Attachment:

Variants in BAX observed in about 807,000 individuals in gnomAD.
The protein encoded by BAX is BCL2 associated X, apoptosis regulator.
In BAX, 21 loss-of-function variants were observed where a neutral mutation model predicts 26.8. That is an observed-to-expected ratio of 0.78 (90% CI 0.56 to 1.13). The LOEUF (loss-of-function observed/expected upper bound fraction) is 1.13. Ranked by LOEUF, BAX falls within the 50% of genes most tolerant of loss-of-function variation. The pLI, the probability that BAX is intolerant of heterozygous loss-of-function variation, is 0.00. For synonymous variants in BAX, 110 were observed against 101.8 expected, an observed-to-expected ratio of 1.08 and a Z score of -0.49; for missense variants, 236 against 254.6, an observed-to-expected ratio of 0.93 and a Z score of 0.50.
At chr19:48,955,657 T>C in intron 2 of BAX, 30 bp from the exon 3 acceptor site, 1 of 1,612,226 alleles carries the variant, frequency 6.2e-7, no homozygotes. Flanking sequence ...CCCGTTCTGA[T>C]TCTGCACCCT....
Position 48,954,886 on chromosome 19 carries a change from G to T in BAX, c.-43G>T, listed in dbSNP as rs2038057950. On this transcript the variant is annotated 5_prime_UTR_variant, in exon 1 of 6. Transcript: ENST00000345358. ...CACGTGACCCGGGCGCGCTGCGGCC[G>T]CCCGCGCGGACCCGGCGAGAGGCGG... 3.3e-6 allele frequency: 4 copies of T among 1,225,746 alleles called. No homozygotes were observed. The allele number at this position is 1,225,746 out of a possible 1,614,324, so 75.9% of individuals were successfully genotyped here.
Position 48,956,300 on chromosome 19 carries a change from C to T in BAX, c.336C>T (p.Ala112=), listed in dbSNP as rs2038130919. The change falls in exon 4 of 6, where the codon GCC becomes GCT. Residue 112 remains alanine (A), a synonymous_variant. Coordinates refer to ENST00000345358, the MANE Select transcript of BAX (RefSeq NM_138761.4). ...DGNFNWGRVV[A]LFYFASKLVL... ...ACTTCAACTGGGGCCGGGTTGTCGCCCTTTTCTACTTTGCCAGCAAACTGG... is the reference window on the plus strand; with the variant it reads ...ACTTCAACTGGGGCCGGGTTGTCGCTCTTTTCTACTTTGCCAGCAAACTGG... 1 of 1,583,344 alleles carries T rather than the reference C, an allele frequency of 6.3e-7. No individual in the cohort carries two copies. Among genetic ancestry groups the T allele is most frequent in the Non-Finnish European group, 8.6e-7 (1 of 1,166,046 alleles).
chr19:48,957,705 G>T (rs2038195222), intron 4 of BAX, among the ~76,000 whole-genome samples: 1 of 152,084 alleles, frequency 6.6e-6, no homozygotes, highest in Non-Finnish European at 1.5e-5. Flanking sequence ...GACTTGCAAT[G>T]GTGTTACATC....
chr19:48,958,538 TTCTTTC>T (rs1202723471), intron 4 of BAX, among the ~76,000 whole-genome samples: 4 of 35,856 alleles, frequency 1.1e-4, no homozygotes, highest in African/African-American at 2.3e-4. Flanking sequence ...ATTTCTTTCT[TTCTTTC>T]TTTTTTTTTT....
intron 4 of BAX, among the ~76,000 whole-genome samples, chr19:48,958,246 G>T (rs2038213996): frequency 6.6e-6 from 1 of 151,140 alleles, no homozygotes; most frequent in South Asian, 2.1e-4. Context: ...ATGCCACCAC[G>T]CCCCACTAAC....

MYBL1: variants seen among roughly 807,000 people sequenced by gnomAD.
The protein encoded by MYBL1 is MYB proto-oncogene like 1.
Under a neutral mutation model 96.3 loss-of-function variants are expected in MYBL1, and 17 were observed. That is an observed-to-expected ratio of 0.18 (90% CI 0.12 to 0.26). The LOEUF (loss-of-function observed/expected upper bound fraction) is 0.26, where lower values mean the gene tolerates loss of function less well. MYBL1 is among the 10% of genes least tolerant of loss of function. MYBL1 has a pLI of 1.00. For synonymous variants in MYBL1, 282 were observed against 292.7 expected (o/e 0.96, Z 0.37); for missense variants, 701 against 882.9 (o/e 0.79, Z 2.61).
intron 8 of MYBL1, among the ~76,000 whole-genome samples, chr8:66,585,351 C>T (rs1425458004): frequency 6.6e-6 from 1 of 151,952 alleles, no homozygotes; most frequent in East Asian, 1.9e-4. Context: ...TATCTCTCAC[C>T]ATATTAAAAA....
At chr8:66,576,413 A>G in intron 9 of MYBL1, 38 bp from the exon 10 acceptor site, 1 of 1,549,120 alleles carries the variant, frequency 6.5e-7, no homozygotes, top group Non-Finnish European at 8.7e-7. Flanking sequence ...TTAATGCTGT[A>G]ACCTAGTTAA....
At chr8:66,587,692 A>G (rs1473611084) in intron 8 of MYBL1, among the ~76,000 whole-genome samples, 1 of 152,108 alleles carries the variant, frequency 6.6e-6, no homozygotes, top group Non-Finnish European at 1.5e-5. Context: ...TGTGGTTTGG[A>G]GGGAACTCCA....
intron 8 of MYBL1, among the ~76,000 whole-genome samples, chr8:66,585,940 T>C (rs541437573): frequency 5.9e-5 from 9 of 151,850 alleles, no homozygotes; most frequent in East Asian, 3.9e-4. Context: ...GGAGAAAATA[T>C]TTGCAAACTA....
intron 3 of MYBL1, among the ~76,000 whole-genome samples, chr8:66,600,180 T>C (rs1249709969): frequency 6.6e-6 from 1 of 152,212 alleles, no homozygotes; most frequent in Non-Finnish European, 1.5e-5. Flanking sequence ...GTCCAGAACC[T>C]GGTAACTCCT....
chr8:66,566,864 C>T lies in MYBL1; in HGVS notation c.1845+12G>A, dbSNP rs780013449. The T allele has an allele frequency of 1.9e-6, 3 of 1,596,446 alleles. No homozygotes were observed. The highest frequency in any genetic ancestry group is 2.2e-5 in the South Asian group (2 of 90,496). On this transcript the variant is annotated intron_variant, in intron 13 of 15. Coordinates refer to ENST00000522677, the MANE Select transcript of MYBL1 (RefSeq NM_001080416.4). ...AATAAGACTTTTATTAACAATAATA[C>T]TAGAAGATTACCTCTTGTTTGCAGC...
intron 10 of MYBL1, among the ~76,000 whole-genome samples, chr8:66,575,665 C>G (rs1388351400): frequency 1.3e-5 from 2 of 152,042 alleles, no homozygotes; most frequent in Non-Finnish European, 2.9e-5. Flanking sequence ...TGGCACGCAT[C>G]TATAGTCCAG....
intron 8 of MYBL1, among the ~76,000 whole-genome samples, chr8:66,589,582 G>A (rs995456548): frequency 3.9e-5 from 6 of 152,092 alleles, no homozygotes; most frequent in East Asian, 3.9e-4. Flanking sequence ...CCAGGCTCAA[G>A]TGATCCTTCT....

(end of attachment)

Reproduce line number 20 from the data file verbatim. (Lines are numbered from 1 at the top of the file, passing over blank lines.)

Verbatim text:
intron 8 of MYBL1, among the ~76,000 whole-genome samples, chr8:66,589,582 G>A (rs995456548): frequency 3.9e-5 from 6 of 152,092 alleles, no homozygotes; most frequent in East Asian, 3.9e-4. Flanking sequence ...CCAGGCTCAA[G>A]TGATCCTTCT....